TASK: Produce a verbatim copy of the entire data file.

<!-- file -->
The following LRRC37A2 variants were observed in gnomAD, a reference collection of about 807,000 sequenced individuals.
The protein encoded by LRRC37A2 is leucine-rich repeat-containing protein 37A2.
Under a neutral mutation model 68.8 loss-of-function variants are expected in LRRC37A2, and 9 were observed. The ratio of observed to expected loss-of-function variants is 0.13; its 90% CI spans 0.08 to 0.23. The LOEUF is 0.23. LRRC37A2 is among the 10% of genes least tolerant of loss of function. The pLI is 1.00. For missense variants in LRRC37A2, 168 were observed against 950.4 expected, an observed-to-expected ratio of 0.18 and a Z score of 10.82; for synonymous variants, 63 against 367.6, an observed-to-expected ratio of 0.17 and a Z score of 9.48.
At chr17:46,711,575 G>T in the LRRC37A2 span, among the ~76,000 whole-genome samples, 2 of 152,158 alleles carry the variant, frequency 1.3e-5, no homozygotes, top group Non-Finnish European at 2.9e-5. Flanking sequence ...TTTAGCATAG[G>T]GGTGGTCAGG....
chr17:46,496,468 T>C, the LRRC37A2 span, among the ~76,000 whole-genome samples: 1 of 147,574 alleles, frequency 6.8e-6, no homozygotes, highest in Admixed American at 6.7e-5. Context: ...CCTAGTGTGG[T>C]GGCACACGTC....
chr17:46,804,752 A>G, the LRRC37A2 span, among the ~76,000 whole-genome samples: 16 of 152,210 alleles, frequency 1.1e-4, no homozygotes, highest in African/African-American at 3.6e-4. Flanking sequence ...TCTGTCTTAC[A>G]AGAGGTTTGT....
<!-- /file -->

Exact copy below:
The following LRRC37A2 variants were observed in gnomAD, a reference collection of about 807,000 sequenced individuals.
The protein encoded by LRRC37A2 is leucine-rich repeat-containing protein 37A2.
Under a neutral mutation model 68.8 loss-of-function variants are expected in LRRC37A2, and 9 were observed. The ratio of observed to expected loss-of-function variants is 0.13; its 90% CI spans 0.08 to 0.23. The LOEUF is 0.23. LRRC37A2 is among the 10% of genes least tolerant of loss of function. The pLI is 1.00. For missense variants in LRRC37A2, 168 were observed against 950.4 expected, an observed-to-expected ratio of 0.18 and a Z score of 10.82; for synonymous variants, 63 against 367.6, an observed-to-expected ratio of 0.17 and a Z score of 9.48.
At chr17:46,711,575 G>T in the LRRC37A2 span, among the ~76,000 whole-genome samples, 2 of 152,158 alleles carry the variant, frequency 1.3e-5, no homozygotes, top group Non-Finnish European at 2.9e-5. Flanking sequence ...TTTAGCATAG[G>T]GGTGGTCAGG....
chr17:46,496,468 T>C, the LRRC37A2 span, among the ~76,000 whole-genome samples: 1 of 147,574 alleles, frequency 6.8e-6, no homozygotes, highest in Admixed American at 6.7e-5. Context: ...CCTAGTGTGG[T>C]GGCACACGTC....
chr17:46,804,752 A>G, the LRRC37A2 span, among the ~76,000 whole-genome samples: 16 of 152,210 alleles, frequency 1.1e-4, no homozygotes, highest in African/African-American at 3.6e-4. Flanking sequence ...TCTGTCTTAC[A>G]AGAGGTTTGT....